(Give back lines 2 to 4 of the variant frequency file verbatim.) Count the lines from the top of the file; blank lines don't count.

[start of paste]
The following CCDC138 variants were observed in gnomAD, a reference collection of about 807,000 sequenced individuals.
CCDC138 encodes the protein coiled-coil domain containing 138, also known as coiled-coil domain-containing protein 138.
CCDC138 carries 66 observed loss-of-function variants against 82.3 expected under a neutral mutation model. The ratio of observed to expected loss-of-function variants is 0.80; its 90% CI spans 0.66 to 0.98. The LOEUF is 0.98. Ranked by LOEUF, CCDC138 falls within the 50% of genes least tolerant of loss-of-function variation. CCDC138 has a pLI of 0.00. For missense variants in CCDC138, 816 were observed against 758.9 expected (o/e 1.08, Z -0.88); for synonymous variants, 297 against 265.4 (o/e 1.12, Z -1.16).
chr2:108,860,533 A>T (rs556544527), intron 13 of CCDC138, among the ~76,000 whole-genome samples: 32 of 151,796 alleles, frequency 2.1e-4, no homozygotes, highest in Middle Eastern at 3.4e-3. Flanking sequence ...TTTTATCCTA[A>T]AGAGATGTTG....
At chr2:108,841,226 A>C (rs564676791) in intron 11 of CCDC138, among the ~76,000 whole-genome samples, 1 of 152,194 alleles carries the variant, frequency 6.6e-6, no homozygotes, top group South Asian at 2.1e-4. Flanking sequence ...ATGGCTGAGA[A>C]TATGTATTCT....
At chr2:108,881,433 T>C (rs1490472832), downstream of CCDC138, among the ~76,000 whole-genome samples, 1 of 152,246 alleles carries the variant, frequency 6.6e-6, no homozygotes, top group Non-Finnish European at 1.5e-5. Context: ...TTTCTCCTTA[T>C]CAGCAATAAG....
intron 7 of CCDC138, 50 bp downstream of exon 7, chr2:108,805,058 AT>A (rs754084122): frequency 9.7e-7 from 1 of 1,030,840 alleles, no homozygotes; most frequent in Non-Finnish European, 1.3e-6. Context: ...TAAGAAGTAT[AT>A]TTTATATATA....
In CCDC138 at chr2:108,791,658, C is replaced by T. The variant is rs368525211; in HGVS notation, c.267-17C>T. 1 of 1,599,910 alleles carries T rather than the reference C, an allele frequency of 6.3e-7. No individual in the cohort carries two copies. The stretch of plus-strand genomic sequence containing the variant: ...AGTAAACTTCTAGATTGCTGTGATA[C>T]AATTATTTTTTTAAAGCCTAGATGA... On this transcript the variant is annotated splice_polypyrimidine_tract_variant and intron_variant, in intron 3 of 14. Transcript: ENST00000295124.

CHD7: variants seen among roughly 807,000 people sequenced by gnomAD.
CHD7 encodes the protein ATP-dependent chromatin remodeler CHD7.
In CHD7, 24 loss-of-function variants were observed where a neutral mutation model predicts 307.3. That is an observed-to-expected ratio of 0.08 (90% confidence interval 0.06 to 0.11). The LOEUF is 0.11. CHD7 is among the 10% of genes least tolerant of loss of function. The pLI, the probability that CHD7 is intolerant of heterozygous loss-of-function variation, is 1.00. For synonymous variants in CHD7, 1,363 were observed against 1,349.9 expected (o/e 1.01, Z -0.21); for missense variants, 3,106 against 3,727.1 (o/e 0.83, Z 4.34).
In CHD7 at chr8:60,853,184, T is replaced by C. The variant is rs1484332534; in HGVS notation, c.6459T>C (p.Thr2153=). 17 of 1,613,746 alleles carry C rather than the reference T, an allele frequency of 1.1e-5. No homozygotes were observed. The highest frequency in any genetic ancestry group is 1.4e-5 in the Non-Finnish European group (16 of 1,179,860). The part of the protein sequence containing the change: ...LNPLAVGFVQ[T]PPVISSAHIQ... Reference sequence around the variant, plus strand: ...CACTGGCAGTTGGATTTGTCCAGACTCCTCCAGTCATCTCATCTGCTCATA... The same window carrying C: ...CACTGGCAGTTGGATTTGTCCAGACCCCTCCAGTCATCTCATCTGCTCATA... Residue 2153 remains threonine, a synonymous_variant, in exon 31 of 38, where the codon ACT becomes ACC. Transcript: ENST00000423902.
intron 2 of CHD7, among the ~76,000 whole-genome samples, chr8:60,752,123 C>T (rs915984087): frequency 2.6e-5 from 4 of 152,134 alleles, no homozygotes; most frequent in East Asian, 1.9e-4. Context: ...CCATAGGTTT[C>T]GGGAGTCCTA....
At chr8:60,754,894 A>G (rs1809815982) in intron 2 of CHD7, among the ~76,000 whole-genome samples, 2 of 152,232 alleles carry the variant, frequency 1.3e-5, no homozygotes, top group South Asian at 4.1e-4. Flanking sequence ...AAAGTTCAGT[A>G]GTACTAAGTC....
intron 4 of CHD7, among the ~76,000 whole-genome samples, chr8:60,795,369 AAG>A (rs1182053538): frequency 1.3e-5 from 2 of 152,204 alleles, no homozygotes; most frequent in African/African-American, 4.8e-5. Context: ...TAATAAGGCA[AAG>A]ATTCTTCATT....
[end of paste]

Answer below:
CCDC138 encodes the protein coiled-coil domain containing 138, also known as coiled-coil domain-containing protein 138.
CCDC138 carries 66 observed loss-of-function variants against 82.3 expected under a neutral mutation model. The ratio of observed to expected loss-of-function variants is 0.80; its 90% CI spans 0.66 to 0.98. The LOEUF is 0.98. Ranked by LOEUF, CCDC138 falls within the 50% of genes least tolerant of loss-of-function variation. CCDC138 has a pLI of 0.00. For missense variants in CCDC138, 816 were observed against 758.9 expected (o/e 1.08, Z -0.88); for synonymous variants, 297 against 265.4 (o/e 1.12, Z -1.16).
chr2:108,860,533 A>T (rs556544527), intron 13 of CCDC138, among the ~76,000 whole-genome samples: 32 of 151,796 alleles, frequency 2.1e-4, no homozygotes, highest in Middle Eastern at 3.4e-3. Flanking sequence ...TTTTATCCTA[A>T]AGAGATGTTG....